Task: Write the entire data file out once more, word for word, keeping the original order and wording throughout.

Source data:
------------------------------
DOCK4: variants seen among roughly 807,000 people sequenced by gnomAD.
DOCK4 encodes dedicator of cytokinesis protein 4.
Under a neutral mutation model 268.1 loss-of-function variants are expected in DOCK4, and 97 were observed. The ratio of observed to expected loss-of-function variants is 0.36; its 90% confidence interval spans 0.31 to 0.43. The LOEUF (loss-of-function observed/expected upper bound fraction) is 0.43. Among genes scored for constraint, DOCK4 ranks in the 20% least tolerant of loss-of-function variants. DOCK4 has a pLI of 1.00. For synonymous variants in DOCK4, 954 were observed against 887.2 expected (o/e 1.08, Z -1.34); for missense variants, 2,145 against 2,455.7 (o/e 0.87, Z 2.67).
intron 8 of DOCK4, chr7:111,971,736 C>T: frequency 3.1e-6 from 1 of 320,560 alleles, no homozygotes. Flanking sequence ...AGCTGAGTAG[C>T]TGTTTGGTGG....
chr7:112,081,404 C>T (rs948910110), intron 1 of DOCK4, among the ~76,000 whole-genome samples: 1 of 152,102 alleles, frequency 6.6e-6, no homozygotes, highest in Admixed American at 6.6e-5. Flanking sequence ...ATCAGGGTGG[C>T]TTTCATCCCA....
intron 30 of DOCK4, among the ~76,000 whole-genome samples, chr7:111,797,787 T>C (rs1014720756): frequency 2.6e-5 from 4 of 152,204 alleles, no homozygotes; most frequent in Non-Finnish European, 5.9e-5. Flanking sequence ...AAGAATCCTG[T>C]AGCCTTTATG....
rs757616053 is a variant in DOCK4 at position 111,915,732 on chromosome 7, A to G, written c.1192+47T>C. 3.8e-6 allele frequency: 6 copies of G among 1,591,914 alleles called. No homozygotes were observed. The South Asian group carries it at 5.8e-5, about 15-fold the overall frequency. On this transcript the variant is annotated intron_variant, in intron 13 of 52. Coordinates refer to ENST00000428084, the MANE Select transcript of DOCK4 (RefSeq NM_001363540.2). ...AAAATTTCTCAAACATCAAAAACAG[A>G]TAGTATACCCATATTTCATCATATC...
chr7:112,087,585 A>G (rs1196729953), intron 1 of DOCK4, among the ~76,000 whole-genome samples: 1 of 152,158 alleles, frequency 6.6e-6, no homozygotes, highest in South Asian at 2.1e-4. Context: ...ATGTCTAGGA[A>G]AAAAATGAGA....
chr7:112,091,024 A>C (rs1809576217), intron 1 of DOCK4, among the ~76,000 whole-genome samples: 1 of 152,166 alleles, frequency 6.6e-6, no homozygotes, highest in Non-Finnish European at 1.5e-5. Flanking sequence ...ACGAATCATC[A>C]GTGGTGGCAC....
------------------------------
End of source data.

DOCK4: variants seen among roughly 807,000 people sequenced by gnomAD.
DOCK4 encodes dedicator of cytokinesis protein 4.
Under a neutral mutation model 268.1 loss-of-function variants are expected in DOCK4, and 97 were observed. The ratio of observed to expected loss-of-function variants is 0.36; its 90% confidence interval spans 0.31 to 0.43. The LOEUF (loss-of-function observed/expected upper bound fraction) is 0.43. Among genes scored for constraint, DOCK4 ranks in the 20% least tolerant of loss-of-function variants. DOCK4 has a pLI of 1.00. For synonymous variants in DOCK4, 954 were observed against 887.2 expected (o/e 1.08, Z -1.34); for missense variants, 2,145 against 2,455.7 (o/e 0.87, Z 2.67).
intron 8 of DOCK4, chr7:111,971,736 C>T: frequency 3.1e-6 from 1 of 320,560 alleles, no homozygotes. Flanking sequence ...AGCTGAGTAG[C>T]TGTTTGGTGG....
chr7:112,081,404 C>T (rs948910110), intron 1 of DOCK4, among the ~76,000 whole-genome samples: 1 of 152,102 alleles, frequency 6.6e-6, no homozygotes, highest in Admixed American at 6.6e-5. Flanking sequence ...ATCAGGGTGG[C>T]TTTCATCCCA....
intron 30 of DOCK4, among the ~76,000 whole-genome samples, chr7:111,797,787 T>C (rs1014720756): frequency 2.6e-5 from 4 of 152,204 alleles, no homozygotes; most frequent in Non-Finnish European, 5.9e-5. Flanking sequence ...AAGAATCCTG[T>C]AGCCTTTATG....
rs757616053 is a variant in DOCK4 at position 111,915,732 on chromosome 7, A to G, written c.1192+47T>C. 3.8e-6 allele frequency: 6 copies of G among 1,591,914 alleles called. No homozygotes were observed. The South Asian group carries it at 5.8e-5, about 15-fold the overall frequency. On this transcript the variant is annotated intron_variant, in intron 13 of 52. Coordinates refer to ENST00000428084, the MANE Select transcript of DOCK4 (RefSeq NM_001363540.2). ...AAAATTTCTCAAACATCAAAAACAG[A>G]TAGTATACCCATATTTCATCATATC...
chr7:112,087,585 A>G (rs1196729953), intron 1 of DOCK4, among the ~76,000 whole-genome samples: 1 of 152,158 alleles, frequency 6.6e-6, no homozygotes, highest in South Asian at 2.1e-4. Context: ...ATGTCTAGGA[A>G]AAAAATGAGA....
chr7:112,091,024 A>C (rs1809576217), intron 1 of DOCK4, among the ~76,000 whole-genome samples: 1 of 152,166 alleles, frequency 6.6e-6, no homozygotes, highest in Non-Finnish European at 1.5e-5. Flanking sequence ...ACGAATCATC[A>C]GTGGTGGCAC....